Cigarette excise taxes have been a constant topic of discussion in state capitols around the nation during the past two years.

It is not hard to imagine why. In December 2007, America slipped into the “Great Recession,” and state tax revenues plummeted across the nation.

Faced with a choice between cutting expenditures and raising taxes, some legislators proposed cigarette tax increases. The hikes were also promoted to the public as a way to improve public health. From 2007 through 2009, 21 of the 48 contiguous states — including tobacco state North Carolina — raised cigarette taxes, producing a total of 27 tax hikes. In 2010, tobacco state South Carolina raised cigarette taxes, as did five other states.[*]

But cigarette tax hikes can produce unintended consequences.

In December 2008, we published, together with a third co-author, a comprehensive 90-page study titled “Cigarette Taxes and Smuggling: A Statistical and Historical Review.”[†] The study, issued by the Mackinac Center for Public Policy, included a statistical model designed to estimate interstate and international smuggling in the United States, while also discussing cigarette tax-related violence, theft and financing of terrorism. This study updates those estimates and complements the original work.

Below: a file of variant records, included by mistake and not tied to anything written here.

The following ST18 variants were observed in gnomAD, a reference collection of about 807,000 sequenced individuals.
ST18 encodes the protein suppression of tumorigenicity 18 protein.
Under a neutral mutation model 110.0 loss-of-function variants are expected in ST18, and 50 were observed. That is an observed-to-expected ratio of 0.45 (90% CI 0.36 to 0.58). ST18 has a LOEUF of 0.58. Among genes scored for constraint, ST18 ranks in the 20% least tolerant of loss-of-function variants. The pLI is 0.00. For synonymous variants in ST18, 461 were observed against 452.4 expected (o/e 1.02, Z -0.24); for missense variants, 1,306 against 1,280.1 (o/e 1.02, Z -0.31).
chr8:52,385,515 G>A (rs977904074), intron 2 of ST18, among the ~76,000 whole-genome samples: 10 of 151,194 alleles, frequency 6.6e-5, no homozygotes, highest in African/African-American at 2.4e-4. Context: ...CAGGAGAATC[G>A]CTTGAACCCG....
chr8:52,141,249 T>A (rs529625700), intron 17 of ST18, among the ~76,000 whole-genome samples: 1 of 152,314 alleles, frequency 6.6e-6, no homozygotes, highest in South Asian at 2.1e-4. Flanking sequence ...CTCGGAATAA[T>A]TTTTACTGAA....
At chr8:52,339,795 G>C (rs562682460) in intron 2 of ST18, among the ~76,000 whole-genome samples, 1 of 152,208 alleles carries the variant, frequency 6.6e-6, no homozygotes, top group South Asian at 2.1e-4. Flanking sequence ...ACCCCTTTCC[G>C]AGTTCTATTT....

[*] South Carolina, Hawaii, New Mexico, New York and Utah all raised taxes on July 1, 2010, and Washington State did so on May 1. Hawaii is scheduled to raise taxes again in 2011. As discussed below, these recent tax hikes are excluded from our new cigarette smuggling estimates because the complete dataset of state cigarette taxes runs only through fiscal 2009. The Aloha state is excluded from the estimates because it is not one of the 48 contiguous states.

[†] Michael D. LaFaive, Patrick Fleenor, and Todd Nesbit, “Cigarette Taxes and Smuggling,” (Mackinac Center for Public Policy, 2008), 1, (accessed December 10, 2010). The third coauthor of the study was Patrick Fleenor who is principal at Fiscal Economics, a Washington, D.C.-based consultancy.